Solving the jobs problem: A new kind of unemployment benefit

Photo via Brenda Gottsabend

In the midst of an unprecedented challenging jobs situation and in honor of Labor Day, let’s all come together to discuss new ways to fix our persistent unemployment problem and boost our stagnating economy.

As a small business owner, whose business is to help put people back to work, I’d like to propose a new kind of unemployment benefit that can get people working sooner and help businesses create more jobs.

Government’s Pain

The U.S. economy has lost 7.7 million jobs during this recession. Our government has thus far paid out $671 billion of the total $787 billion stimulus package in the American Recovery and Reinvestment Act of 2009, attempting to trigger economic growth and job creation.

A big part of the stimulus spending, specifically $65 billion to The Department of Labor, has been devoted to updating the skills of workers to meet the needs of today’s businesses.

On top of the $787 billion ARRA spending, the federal government is spending $134 billion this year in unemployment benefits payments, helping million of jobless workers maintain a living.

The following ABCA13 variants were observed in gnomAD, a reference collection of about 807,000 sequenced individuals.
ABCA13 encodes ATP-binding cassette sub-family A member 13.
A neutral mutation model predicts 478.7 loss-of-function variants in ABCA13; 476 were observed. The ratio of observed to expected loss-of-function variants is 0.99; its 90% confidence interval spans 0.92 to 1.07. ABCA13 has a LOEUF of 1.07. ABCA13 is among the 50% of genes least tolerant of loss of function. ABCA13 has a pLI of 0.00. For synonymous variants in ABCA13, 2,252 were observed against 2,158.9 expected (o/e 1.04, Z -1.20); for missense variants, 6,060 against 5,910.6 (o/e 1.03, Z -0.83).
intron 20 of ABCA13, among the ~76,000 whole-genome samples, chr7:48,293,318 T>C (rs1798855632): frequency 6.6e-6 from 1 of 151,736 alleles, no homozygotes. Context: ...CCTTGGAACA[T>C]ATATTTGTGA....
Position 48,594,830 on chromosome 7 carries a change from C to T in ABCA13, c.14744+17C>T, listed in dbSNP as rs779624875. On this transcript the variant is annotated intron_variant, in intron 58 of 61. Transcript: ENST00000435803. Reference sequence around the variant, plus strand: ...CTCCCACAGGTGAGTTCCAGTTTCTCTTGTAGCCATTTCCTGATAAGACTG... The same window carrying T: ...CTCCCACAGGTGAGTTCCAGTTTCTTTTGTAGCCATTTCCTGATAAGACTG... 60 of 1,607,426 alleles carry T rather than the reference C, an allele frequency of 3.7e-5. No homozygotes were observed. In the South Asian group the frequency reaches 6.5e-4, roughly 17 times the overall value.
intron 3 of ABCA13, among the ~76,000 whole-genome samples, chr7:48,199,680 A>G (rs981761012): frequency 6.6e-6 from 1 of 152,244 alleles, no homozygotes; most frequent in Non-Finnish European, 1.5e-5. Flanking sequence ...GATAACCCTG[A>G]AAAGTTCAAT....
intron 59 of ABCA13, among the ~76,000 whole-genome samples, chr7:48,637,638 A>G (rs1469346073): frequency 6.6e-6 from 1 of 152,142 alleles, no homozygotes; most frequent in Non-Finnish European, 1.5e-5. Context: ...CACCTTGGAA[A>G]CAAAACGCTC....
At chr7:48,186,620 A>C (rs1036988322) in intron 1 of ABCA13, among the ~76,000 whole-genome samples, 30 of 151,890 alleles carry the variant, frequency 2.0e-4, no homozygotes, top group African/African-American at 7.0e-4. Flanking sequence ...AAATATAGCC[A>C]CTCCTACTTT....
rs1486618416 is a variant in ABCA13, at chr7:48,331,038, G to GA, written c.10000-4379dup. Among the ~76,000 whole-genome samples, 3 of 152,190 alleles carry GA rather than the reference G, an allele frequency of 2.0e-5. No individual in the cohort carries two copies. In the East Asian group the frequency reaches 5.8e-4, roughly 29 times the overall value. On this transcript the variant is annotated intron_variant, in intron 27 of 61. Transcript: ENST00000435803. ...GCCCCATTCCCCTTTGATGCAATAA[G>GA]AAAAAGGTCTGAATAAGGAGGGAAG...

Even with two unemployment benefits extensions and coverage of up to 99 weeks, hundreds of thousands of the unemployed will soon reach the end of the rope. It’s a ticking time bomb for the social safety net.

Faced with its own fiscal stress, our government’s big spending so far has yet to pay off in either fostering economic recovery or creating jobs. It’s time for something new.

The Pain of the Unemployed

Mei Lu

Workers that were laid off from their jobs in shrinking industries are eager to update their skills. Their only current option is applying for a job retraining grant to attend programs at technical schools, community colleges or for-profit colleges.

In many cases, these training programs and degrees do little to increase their students’ value in the job market. There is often a gap between the true business needs and these programs. In addition, real-world experience is more valuable to employers than classroom experience.

The worst part is that many people go into debt, even after government subsidies, to afford these programs. When they finish these programs and often still find themselves struggling to land a job, not only have they not improved their job prospects, they are in a much worse financial situation.

The Pain of the Businesses